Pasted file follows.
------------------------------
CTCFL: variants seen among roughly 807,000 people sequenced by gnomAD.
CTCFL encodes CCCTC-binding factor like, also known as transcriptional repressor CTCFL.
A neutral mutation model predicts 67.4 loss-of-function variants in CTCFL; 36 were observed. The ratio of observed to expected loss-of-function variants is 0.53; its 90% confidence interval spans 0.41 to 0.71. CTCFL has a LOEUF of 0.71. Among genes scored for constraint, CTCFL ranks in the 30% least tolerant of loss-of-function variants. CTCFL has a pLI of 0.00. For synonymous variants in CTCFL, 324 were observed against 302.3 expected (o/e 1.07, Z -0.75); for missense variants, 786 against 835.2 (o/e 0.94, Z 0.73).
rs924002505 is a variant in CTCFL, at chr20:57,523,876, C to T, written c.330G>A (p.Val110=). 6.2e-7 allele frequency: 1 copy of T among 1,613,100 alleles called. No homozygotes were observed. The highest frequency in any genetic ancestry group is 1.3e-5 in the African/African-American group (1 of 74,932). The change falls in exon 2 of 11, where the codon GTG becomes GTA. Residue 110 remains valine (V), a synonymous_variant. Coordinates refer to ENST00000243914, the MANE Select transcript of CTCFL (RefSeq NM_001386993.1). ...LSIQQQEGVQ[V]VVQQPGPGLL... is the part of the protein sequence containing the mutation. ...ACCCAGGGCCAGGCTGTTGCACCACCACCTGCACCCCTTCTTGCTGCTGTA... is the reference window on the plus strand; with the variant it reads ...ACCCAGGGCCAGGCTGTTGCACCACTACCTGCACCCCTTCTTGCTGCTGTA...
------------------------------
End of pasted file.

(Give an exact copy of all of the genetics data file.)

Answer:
CTCFL: variants seen among roughly 807,000 people sequenced by gnomAD.
CTCFL encodes CCCTC-binding factor like, also known as transcriptional repressor CTCFL.
A neutral mutation model predicts 67.4 loss-of-function variants in CTCFL; 36 were observed. The ratio of observed to expected loss-of-function variants is 0.53; its 90% confidence interval spans 0.41 to 0.71. CTCFL has a LOEUF of 0.71. Among genes scored for constraint, CTCFL ranks in the 30% least tolerant of loss-of-function variants. CTCFL has a pLI of 0.00. For synonymous variants in CTCFL, 324 were observed against 302.3 expected (o/e 1.07, Z -0.75); for missense variants, 786 against 835.2 (o/e 0.94, Z 0.73).
rs924002505 is a variant in CTCFL, at chr20:57,523,876, C to T, written c.330G>A (p.Val110=). 6.2e-7 allele frequency: 1 copy of T among 1,613,100 alleles called. No homozygotes were observed. The highest frequency in any genetic ancestry group is 1.3e-5 in the African/African-American group (1 of 74,932). The change falls in exon 2 of 11, where the codon GTG becomes GTA. Residue 110 remains valine (V), a synonymous_variant. Coordinates refer to ENST00000243914, the MANE Select transcript of CTCFL (RefSeq NM_001386993.1). ...LSIQQQEGVQ[V]VVQQPGPGLL... is the part of the protein sequence containing the mutation. ...ACCCAGGGCCAGGCTGTTGCACCACCACCTGCACCCCTTCTTGCTGCTGTA... is the reference window on the plus strand; with the variant it reads ...ACCCAGGGCCAGGCTGTTGCACCACTACCTGCACCCCTTCTTGCTGCTGTA...